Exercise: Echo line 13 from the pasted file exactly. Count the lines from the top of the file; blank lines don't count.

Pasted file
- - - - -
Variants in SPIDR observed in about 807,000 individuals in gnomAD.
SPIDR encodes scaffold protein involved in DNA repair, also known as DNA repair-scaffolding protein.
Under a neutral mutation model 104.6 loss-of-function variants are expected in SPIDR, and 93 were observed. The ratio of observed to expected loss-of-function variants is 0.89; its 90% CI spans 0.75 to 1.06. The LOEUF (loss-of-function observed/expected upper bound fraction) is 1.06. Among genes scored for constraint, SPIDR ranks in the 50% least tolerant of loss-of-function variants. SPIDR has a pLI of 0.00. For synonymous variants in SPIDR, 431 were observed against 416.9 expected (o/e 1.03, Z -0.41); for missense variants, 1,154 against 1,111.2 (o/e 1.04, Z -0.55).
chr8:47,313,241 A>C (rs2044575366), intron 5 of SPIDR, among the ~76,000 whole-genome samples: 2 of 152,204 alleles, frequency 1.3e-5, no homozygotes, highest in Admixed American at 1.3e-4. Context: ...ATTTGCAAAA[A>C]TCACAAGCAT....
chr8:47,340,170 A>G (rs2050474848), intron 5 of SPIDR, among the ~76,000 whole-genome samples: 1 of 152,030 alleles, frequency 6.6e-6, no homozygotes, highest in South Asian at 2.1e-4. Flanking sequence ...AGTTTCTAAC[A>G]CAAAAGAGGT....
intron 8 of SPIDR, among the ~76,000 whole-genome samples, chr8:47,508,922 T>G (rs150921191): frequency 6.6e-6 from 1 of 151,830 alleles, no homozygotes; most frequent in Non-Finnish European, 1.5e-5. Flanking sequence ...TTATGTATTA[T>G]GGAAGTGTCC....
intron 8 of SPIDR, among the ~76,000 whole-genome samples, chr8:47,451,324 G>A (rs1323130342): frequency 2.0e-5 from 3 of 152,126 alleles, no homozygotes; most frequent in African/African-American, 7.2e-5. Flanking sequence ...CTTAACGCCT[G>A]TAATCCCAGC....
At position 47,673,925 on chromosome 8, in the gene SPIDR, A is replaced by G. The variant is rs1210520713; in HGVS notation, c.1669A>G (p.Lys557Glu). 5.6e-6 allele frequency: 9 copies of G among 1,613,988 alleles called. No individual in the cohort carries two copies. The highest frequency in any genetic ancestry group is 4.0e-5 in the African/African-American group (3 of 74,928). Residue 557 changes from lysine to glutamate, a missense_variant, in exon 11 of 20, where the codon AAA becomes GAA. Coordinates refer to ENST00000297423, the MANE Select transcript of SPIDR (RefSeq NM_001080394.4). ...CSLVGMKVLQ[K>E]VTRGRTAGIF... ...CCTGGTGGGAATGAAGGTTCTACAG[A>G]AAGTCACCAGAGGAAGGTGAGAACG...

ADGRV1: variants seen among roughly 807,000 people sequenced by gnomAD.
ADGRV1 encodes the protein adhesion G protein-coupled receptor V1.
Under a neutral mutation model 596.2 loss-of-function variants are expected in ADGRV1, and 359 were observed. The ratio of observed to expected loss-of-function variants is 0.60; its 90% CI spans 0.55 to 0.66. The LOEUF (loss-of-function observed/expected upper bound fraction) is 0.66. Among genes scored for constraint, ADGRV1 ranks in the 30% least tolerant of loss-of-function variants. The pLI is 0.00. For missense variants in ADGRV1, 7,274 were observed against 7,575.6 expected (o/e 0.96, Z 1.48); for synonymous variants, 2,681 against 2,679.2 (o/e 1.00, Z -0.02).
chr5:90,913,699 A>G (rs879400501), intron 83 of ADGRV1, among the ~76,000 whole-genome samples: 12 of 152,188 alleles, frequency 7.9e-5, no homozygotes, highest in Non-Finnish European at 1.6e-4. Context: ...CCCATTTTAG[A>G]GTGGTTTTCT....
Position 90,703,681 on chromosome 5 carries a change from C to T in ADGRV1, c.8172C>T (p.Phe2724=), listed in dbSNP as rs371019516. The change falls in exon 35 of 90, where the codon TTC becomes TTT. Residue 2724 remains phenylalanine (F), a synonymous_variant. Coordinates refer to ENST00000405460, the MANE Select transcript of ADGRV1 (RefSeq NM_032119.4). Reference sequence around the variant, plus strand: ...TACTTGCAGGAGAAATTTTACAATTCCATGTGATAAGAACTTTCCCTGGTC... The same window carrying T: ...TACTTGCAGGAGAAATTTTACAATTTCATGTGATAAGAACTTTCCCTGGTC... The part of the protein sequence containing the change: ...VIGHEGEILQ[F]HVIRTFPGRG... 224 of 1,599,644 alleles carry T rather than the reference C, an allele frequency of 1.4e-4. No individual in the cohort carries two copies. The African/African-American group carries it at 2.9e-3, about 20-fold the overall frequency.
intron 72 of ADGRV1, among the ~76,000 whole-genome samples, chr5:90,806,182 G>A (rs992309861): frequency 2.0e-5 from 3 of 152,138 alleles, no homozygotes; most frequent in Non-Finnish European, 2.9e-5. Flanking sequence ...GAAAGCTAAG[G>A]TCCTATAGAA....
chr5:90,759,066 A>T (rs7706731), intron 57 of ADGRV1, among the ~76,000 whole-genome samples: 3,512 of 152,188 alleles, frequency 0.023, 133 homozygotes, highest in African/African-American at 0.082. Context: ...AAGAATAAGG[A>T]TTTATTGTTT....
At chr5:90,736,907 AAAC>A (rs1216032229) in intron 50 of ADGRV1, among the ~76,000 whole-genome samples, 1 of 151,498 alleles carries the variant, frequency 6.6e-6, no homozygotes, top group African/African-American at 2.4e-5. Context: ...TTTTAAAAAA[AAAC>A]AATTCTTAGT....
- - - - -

Position 90,703,681 on chromosome 5 carries a change from C to T in ADGRV1, c.8172C>T (p.Phe2724=), listed in dbSNP as rs371019516. The change falls in exon 35 of 90, where the codon TTC becomes TTT. Residue 2724 remains phenylalanine (F), a synonymous_variant. Coordinates refer to ENST00000405460, the MANE Select transcript of ADGRV1 (RefSeq NM_032119.4). Reference sequence around the variant, plus strand: ...TACTTGCAGGAGAAATTTTACAATTCCATGTGATAAGAACTTTCCCTGGTC... The same window carrying T: ...TACTTGCAGGAGAAATTTTACAATTTCATGTGATAAGAACTTTCCCTGGTC... The part of the protein sequence containing the change: ...VIGHEGEILQ[F]HVIRTFPGRG... 224 of 1,599,644 alleles carry T rather than the reference C, an allele frequency of 1.4e-4. No individual in the cohort carries two copies. The African/African-American group carries it at 2.9e-3, about 20-fold the overall frequency.